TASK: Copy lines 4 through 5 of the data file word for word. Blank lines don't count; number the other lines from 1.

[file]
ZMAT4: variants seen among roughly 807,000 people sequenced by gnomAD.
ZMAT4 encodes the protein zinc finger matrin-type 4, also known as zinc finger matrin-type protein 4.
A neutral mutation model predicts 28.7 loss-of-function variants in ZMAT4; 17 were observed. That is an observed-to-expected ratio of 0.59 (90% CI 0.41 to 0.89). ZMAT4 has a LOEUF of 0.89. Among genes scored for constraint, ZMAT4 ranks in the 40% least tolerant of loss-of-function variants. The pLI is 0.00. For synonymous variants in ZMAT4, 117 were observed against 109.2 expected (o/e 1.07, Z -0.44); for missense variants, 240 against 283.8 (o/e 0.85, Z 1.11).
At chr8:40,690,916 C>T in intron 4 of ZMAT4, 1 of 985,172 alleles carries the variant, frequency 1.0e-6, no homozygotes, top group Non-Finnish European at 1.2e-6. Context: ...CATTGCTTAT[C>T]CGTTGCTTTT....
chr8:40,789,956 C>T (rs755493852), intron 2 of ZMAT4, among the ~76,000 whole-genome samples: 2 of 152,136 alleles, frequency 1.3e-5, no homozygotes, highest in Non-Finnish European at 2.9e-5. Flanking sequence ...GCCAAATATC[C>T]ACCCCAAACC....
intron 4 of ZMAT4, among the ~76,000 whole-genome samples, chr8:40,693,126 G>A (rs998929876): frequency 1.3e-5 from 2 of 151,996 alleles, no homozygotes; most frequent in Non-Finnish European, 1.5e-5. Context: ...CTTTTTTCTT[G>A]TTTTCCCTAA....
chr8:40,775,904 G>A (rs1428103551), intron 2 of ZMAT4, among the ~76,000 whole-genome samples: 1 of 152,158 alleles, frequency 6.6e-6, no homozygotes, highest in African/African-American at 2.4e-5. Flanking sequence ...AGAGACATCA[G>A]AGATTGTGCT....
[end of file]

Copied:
At chr8:40,690,916 C>T in intron 4 of ZMAT4, 1 of 985,172 alleles carries the variant, frequency 1.0e-6, no homozygotes, top group Non-Finnish European at 1.2e-6. Context: ...CATTGCTTAT[C>T]CGTTGCTTTT....
chr8:40,789,956 C>T (rs755493852), intron 2 of ZMAT4, among the ~76,000 whole-genome samples: 2 of 152,136 alleles, frequency 1.3e-5, no homozygotes, highest in Non-Finnish European at 2.9e-5. Flanking sequence ...GCCAAATATC[C>T]ACCCCAAACC....